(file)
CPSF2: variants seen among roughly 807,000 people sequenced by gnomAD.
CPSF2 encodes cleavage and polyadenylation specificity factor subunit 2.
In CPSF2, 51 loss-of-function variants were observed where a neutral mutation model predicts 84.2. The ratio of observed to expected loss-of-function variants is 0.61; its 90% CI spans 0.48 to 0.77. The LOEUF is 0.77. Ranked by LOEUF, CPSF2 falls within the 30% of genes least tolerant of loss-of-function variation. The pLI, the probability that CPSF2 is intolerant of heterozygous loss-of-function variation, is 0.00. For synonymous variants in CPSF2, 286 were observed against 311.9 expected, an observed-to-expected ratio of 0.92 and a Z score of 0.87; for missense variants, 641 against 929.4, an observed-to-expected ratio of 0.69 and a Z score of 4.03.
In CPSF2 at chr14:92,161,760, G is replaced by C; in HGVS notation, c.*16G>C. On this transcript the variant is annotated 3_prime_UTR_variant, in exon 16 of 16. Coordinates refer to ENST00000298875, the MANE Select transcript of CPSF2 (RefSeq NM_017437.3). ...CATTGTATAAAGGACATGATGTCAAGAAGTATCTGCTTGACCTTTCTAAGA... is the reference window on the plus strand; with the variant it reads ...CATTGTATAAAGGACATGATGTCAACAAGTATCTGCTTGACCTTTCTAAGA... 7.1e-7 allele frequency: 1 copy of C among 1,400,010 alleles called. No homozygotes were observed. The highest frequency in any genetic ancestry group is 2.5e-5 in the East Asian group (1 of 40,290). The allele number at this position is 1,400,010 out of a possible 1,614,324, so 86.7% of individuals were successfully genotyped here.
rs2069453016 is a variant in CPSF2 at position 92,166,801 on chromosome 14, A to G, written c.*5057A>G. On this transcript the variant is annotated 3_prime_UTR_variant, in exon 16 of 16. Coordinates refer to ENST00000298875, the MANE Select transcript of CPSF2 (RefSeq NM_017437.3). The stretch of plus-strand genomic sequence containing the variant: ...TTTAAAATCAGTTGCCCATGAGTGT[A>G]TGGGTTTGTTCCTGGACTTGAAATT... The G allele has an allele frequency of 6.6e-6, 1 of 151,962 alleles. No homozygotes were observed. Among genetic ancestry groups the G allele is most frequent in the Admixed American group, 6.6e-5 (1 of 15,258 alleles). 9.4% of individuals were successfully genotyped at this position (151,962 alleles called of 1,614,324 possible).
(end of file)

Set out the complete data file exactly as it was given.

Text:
CPSF2: variants seen among roughly 807,000 people sequenced by gnomAD.
CPSF2 encodes cleavage and polyadenylation specificity factor subunit 2.
In CPSF2, 51 loss-of-function variants were observed where a neutral mutation model predicts 84.2. The ratio of observed to expected loss-of-function variants is 0.61; its 90% CI spans 0.48 to 0.77. The LOEUF is 0.77. Ranked by LOEUF, CPSF2 falls within the 30% of genes least tolerant of loss-of-function variation. The pLI, the probability that CPSF2 is intolerant of heterozygous loss-of-function variation, is 0.00. For synonymous variants in CPSF2, 286 were observed against 311.9 expected, an observed-to-expected ratio of 0.92 and a Z score of 0.87; for missense variants, 641 against 929.4, an observed-to-expected ratio of 0.69 and a Z score of 4.03.
In CPSF2 at chr14:92,161,760, G is replaced by C; in HGVS notation, c.*16G>C. On this transcript the variant is annotated 3_prime_UTR_variant, in exon 16 of 16. Coordinates refer to ENST00000298875, the MANE Select transcript of CPSF2 (RefSeq NM_017437.3). ...CATTGTATAAAGGACATGATGTCAAGAAGTATCTGCTTGACCTTTCTAAGA... is the reference window on the plus strand; with the variant it reads ...CATTGTATAAAGGACATGATGTCAACAAGTATCTGCTTGACCTTTCTAAGA... 7.1e-7 allele frequency: 1 copy of C among 1,400,010 alleles called. No homozygotes were observed. The highest frequency in any genetic ancestry group is 2.5e-5 in the East Asian group (1 of 40,290). The allele number at this position is 1,400,010 out of a possible 1,614,324, so 86.7% of individuals were successfully genotyped here.
rs2069453016 is a variant in CPSF2 at position 92,166,801 on chromosome 14, A to G, written c.*5057A>G. On this transcript the variant is annotated 3_prime_UTR_variant, in exon 16 of 16. Coordinates refer to ENST00000298875, the MANE Select transcript of CPSF2 (RefSeq NM_017437.3). The stretch of plus-strand genomic sequence containing the variant: ...TTTAAAATCAGTTGCCCATGAGTGT[A>G]TGGGTTTGTTCCTGGACTTGAAATT... The G allele has an allele frequency of 6.6e-6, 1 of 151,962 alleles. No homozygotes were observed. Among genetic ancestry groups the G allele is most frequent in the Admixed American group, 6.6e-5 (1 of 15,258 alleles). 9.4% of individuals were successfully genotyped at this position (151,962 alleles called of 1,614,324 possible).